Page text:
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RedSnap Guest Blog: Value proposition – The extra mile

In this latest ‘mind the gap’ post we will discuss the value proposition and how it will help your fintech sales efforts in the financial services sector. That is, if applied correctly…

Going the extra mile

A search for the term ‘value proposition’ online will generate a huge number of results.. They all will tell you that it is the promise you make to your clients and that it forms an important part of your marketing strategy. Another common characteristic of these definitions and explanations is that they refer to a general value proposition.

I want to explain how to turn a general value proposition into one that will accomplish what you want: selling more into the financial services sector. A value proposition that goes the extra mile.

The starting points for this overachieving value proposition are:

  • To promise is not enough – how your promise is perceived by the banker is what counts
  • Will the banker be able to repeat your promise to stakeholders in the bank?
  • Being prepared to not have one single value proposition but a multitude of them

Beauty is in the eye of the beholder

We all know that the perception of beauty is subjective – what one person finds beautiful, another may not. We can easily apply this principle to our value proposition, our promise. What one banker might perceive as a trustworthy and relevant promise will not resonate with another..

In judging the promise you make, the ‘beholder’ will always ask “what’s in it for me?”. So what it comes down to when formulating your value proposition is providing the answer to the following question:

What problem do I solve…and for whom?

Answering this question on an industry level is challenging – at an individual level it becomes even more complicated. Problems are personal, pain is personal. Just as a CEO has different headaches than a project manager, a business banker will face different challenges than those faced by a compliance officer.

The only way to live up to your promise to each of these stakeholders and make them perceive your promise as trustworthy and relevant is to have multiple value propositions.

You’ll still have an overall value proposition for the financial services sector and even a different one for a retail bank than for an insurance company. But you’ll have to take it even further: you need one value proposition per member of the buying committee (which usually consists of individuals from at least six departments including IT, compliance, legal/risk, and purchasing). After all, within that insurance company the problems facing the P&C department are widely different than those faced by a call center manager.

This requires a large amount of domain knowledge combined with situational insight. You’ll have to think through the perspective of your client and your client thinks like a banker/insurer/asset manager. They use the lingo and are measured by the metrics of a banker/insurer/asset manager. They will be a hero, make promotion or earn their bonus according to the logic of a banker/insurer/asset manager.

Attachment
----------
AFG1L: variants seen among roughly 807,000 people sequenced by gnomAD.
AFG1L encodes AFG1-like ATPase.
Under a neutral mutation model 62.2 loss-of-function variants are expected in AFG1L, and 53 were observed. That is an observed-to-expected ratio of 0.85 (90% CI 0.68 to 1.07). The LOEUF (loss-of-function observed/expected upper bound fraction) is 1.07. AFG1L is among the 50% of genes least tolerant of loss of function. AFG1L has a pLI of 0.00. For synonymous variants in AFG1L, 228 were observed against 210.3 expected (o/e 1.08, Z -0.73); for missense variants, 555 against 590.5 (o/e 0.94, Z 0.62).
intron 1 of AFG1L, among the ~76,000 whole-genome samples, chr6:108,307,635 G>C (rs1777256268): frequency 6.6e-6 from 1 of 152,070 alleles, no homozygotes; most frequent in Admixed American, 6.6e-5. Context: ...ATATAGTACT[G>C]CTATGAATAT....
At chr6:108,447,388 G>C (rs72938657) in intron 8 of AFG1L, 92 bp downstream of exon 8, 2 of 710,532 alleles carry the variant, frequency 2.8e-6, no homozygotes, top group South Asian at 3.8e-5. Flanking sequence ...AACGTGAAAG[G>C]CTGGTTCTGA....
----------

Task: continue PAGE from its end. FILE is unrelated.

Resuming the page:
In other words they think, talk and act like a…you guessed it, banker/insurer/asset manager. So you’ll need to do the same. Talk their talk, walk their walk and even so the extra mile by living up to your promise to each and every one of them.

Repeat after me

The quickest way to check how your value proposition is perceived by the banker is to check whether they are able to reproduce it.

WHO (from the bank) can do

WHAT in the bank



your company provides.

If they can’t reproduce this, you have failed to give them a proper value proposition because they cannot talk about it with their boss, peers, program manager, product owner, process manager, steering committee or buying committee.

Therefore your value proposition needs to be extremely clear and simple. Otherwise it will be forgotten, you will be forgotten and you are basically back to square one. Repeatability is key.

So tell me what you want, … what you really, really want

The final check to make sure you have a compelling value proposition is to ask whether, in the mind of our banker, you solve an urgent problem. Are you selling a ‘must have’ or a ‘nice to have’? This question is of extreme importance. You need to challenge yourself really hard here – many times we have walked into tech companies that think they solve a problem, but in reality they are not perceived as such.

Upon hearing your offer the banker will immediately think ‘what happens if I do nothing?’ Your offer, therefore, needs to consist of a clear, personalized and repeatable value proposition that solves their problem.

Bankers are busy, risk averse and know that changing something in the bank is hard work. They only go through this hassle if you have something compelling for them. Something of value to them! So be compelling or bugger off .

This post is #5 in the Mind the gap!-series.

To find out how to adapt your approach for bringing a lead to a deal read: #1 From lead to deal: change your mindset

The fastest growing B2B companies have their sales and marketing activities, and teams, closely aligned: #2 How Sales and Marketing live happily ever after

The importance of positioning and how it can help you stand out from your competitors. #3 Who do you think you are? 

Standing out from your competitors and the importance of positioning. #4 Finding the right position 

Author: Brian van Wachem

Read the original post here. Find out more about RedSnap here.
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